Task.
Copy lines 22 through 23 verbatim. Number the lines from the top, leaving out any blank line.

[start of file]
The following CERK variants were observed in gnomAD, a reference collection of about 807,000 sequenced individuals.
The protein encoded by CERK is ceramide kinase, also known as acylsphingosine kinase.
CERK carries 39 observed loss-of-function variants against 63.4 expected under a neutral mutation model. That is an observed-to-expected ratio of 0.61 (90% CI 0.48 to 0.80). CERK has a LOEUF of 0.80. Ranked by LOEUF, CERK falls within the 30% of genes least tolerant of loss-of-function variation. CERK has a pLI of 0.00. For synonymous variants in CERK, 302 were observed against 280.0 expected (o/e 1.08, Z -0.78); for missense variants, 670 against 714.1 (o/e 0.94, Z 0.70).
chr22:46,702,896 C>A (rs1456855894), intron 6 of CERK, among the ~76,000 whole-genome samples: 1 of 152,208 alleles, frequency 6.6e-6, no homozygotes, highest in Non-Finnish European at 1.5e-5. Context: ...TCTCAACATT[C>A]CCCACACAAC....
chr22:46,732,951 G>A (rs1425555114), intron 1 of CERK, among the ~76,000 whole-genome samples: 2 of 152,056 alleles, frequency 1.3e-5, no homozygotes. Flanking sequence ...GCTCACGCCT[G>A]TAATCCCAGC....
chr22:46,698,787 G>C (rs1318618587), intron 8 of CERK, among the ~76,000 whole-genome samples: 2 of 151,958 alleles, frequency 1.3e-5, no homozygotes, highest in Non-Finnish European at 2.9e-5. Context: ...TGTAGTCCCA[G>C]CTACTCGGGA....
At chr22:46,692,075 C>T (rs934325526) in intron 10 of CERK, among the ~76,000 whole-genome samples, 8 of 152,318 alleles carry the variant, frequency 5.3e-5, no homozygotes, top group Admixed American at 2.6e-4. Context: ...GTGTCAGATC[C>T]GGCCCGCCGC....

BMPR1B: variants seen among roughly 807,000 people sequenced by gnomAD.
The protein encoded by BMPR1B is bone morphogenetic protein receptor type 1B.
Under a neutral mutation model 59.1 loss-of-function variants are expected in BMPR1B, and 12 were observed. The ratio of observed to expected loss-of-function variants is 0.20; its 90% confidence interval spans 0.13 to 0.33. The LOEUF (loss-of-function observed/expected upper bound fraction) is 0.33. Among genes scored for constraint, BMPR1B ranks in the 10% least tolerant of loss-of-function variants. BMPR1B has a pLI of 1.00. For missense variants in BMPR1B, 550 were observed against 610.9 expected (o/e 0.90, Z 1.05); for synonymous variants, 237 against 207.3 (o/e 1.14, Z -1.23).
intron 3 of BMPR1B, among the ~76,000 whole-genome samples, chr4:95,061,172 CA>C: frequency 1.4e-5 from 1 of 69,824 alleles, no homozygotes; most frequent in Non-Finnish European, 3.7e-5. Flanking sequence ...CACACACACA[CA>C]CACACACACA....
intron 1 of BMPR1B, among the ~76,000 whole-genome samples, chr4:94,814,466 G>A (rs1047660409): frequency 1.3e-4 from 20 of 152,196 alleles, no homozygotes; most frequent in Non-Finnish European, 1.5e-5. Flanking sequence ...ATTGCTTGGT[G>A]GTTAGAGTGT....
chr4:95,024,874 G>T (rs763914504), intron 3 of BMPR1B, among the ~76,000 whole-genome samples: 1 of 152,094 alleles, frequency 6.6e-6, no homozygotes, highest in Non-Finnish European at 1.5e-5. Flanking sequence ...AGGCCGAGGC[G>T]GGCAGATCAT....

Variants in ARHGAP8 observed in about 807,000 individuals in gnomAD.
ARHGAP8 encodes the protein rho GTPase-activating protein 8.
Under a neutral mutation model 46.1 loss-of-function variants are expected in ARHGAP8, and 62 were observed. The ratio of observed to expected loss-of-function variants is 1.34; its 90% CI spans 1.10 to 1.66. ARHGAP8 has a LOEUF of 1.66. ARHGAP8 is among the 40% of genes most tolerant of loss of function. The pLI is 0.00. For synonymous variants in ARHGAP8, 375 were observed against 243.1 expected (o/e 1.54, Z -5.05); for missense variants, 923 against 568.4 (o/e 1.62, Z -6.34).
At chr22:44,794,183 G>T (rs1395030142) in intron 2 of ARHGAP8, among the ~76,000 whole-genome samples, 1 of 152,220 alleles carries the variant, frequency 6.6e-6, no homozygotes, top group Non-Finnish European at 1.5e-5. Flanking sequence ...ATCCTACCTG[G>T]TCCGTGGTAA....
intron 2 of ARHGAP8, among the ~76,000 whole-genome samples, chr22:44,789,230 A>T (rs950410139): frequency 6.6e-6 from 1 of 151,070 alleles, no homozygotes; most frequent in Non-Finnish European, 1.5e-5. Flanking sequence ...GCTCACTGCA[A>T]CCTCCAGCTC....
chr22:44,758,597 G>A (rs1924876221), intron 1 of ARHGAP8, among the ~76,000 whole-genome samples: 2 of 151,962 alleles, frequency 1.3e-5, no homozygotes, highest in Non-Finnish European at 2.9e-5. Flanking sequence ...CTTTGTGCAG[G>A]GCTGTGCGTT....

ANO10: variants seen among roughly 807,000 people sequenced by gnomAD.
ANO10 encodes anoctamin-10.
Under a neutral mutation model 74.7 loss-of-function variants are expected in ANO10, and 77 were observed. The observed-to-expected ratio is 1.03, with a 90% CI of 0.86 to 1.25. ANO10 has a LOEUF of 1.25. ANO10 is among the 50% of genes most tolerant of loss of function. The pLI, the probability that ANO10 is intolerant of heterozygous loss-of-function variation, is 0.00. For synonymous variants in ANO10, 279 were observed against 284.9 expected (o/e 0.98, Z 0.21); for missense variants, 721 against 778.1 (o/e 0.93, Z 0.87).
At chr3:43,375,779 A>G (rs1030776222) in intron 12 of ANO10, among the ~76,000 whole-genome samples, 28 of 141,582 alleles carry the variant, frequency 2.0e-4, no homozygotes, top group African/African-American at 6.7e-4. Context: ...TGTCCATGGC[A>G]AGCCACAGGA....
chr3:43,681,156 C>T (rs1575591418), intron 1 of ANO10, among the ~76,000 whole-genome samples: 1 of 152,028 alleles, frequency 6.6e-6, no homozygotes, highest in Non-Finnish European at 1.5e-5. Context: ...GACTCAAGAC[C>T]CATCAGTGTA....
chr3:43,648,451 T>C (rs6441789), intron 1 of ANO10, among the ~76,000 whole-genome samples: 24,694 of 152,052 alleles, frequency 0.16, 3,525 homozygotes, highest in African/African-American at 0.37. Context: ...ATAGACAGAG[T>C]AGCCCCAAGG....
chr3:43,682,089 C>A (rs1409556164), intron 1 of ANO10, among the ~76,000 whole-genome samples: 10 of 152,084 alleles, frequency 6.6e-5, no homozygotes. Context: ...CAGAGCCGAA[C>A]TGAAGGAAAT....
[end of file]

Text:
Under a neutral mutation model 74.7 loss-of-function variants are expected in ANO10, and 77 were observed. The observed-to-expected ratio is 1.03, with a 90% CI of 0.86 to 1.25. ANO10 has a LOEUF of 1.25. ANO10 is among the 50% of genes most tolerant of loss of function. The pLI, the probability that ANO10 is intolerant of heterozygous loss-of-function variation, is 0.00. For synonymous variants in ANO10, 279 were observed against 284.9 expected (o/e 0.98, Z 0.21); for missense variants, 721 against 778.1 (o/e 0.93, Z 0.87).
At chr3:43,375,779 A>G (rs1030776222) in intron 12 of ANO10, among the ~76,000 whole-genome samples, 28 of 141,582 alleles carry the variant, frequency 2.0e-4, no homozygotes, top group African/African-American at 6.7e-4. Context: ...TGTCCATGGC[A>G]AGCCACAGGA....